Author Archives: Nick

Right Size First, Then Split

There is a hell of a lot going on in Agile Space on Story Splitting.  On the internet and I hear it in interviews and conversations.  It’s as if the only solution to smaller batches is to split ad infinitum.

Now don’t get me wrong, big batches are not good.  They hurt feedback mechanisms, create silos and delay delivery of value.

And there is the point, delivery of value.  Getting value to the customer is important.  Story Splitting is one way.  It doesn’t need to be the starting point.  We may be losing our focus on delivery of value by thinking about a process.  Value is not defined by the splitting of stories.

Something to consider then is to understand the nature of your work.  Are there different types of work, or another way to put it, sources of demand?  Can you use that information to help?

Maybe your team is predictable in it’s delivery.  That’s great and congratulations to you on that.  That data on delivery time can be leveraged.  If you can say we can deliver product enhancements on one product within a time frame and be confident about that say 85% of the time.  There you go – you have the makings of a Service Level Agreement or SLA.  Your customer may even be happy with that!

How can that help in sizing stories?  Well Dan Vacanti describes it in his book Actionable Agile Metrics for Predictability.  It’s called Right Sizing.  In essence it shortens the sizing conversation by asking does this work which we are about to take on fit in within our SLA.  If so then pull the work.  If not have that splitting conversation.

It’s that simple.  However, if you are experiencing problems in predictability and expanding delivery times then you’ll want to deal with those.  Dan’s book describes how Little’s Law and its components gives you ample information to help discover issues in your process.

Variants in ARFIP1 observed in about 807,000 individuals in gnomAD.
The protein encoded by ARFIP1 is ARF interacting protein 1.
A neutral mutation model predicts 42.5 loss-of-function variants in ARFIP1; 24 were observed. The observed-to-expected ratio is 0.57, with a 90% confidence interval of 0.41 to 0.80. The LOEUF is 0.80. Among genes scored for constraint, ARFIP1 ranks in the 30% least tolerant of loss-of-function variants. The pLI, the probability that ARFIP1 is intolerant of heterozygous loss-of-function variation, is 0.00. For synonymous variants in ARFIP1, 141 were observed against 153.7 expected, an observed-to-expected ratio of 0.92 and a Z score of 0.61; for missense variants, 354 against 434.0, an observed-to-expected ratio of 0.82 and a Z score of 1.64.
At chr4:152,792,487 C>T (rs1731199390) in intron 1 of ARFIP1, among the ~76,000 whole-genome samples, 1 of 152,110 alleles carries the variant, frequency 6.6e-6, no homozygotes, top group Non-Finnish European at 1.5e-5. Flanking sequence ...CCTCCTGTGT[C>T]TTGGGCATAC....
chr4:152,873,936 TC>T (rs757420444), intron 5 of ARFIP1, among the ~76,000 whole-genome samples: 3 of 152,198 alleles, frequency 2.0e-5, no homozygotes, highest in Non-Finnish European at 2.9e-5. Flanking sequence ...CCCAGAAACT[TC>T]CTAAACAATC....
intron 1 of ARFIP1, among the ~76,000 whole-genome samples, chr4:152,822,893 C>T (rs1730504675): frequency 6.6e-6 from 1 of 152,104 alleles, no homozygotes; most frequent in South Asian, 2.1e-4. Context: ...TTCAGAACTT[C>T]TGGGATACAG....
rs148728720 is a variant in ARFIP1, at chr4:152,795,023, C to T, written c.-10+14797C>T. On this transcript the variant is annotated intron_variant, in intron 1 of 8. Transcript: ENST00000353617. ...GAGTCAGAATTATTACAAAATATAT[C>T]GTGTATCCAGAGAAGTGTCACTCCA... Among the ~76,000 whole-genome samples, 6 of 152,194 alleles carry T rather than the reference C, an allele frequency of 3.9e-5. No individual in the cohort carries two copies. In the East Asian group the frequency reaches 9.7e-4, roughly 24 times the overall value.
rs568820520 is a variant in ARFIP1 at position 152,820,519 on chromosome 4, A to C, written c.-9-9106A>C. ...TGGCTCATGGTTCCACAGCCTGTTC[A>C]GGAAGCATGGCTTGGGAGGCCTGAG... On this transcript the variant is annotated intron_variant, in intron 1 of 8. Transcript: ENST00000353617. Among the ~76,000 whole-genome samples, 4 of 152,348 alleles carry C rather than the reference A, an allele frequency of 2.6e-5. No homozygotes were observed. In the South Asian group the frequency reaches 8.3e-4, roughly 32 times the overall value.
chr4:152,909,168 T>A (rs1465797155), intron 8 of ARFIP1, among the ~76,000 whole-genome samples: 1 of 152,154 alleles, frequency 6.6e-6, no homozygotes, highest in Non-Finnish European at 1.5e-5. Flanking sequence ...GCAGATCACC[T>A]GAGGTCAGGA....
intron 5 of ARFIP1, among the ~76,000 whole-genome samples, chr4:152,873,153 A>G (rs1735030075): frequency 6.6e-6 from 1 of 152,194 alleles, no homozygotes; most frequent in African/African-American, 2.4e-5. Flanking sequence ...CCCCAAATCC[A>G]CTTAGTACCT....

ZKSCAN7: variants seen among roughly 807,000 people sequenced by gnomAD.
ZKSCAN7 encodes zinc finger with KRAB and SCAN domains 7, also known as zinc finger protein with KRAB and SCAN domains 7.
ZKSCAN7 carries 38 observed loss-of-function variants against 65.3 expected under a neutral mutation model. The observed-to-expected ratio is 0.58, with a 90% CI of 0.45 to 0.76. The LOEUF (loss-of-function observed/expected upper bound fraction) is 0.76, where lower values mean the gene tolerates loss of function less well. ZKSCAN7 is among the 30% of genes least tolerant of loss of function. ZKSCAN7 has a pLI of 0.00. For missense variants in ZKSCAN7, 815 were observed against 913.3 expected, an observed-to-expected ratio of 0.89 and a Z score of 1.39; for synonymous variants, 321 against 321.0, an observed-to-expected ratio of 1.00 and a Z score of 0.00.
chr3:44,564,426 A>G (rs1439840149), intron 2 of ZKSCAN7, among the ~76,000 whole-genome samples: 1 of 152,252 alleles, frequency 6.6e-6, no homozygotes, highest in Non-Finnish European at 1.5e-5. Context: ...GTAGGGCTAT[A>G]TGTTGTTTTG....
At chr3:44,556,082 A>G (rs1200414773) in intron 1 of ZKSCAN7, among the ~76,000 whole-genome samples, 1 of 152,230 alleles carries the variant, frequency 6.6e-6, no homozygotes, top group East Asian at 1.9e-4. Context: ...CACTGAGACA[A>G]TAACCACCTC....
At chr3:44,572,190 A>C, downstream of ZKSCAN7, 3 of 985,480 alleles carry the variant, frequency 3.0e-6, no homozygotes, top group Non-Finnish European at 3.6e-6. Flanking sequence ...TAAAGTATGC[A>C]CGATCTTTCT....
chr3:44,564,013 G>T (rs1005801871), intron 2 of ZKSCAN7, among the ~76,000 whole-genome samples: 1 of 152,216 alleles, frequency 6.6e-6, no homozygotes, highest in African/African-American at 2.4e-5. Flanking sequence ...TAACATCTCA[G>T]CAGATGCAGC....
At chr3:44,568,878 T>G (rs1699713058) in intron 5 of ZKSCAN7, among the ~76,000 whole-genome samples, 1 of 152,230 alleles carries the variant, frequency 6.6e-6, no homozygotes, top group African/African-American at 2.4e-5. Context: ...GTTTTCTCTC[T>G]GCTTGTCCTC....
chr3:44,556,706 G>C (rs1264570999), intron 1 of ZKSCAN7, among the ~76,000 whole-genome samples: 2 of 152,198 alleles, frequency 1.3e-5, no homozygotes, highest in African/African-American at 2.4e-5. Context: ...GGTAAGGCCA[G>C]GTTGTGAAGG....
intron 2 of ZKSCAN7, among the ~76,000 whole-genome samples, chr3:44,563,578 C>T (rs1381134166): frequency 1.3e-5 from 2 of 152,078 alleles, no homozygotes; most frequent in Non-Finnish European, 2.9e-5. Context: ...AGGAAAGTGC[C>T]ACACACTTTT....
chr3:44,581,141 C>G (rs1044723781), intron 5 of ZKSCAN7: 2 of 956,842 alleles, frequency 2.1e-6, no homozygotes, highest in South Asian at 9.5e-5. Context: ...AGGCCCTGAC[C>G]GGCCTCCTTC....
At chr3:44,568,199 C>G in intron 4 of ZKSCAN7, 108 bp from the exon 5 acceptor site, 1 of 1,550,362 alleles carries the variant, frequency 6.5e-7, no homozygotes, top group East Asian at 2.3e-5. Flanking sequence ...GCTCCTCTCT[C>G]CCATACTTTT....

Story Splitting is an option to start with.  You can consider others like this.  I think it will help you understand work to a higher level of fidelity.  Your customer will hopefully feel the difference as you deliver to them more meaningful increments of value from the increased understanding.  Coincidentally, you’ll also be on your way to be being better Systems and Lean Thinkers which are interesting subjects that will aid you being of best service to your customers.


What makes you Fit for Purpose?

Can someone answer this question?   Well yes, I can help.  In short it’s what you do, be that individually but mostly in a team, to ensure anyone you serve receives the service you provide in a reasonable time frame with appropriate quality.

Where does that start?

It starts with understanding who your customer is.   Taking steps to learn about the customer and what satisfies them.  There are some tools available to you to help like Customer Surveys, Customer Interviews, Customer Empathy Maps, Personas and going to see for yourself.

Somewhat lagging but still providing information about the customer and their needs ( which can and are probably changing) is a Net Fitness Score which is an alternative to Net Promoter Score.  If you are producing software you can add code to capture data about how your customers are using the application.  This is is part of a process called instrumentation that is done to computer programs.

This takes us into the area of measurement.  In addition to customer measures, a team can also use other metrics to ensure delivery is just right.  By just right, we mean that any feelings of over-burdening (muri) are minimised to ensure that a team can sustainably deliver work.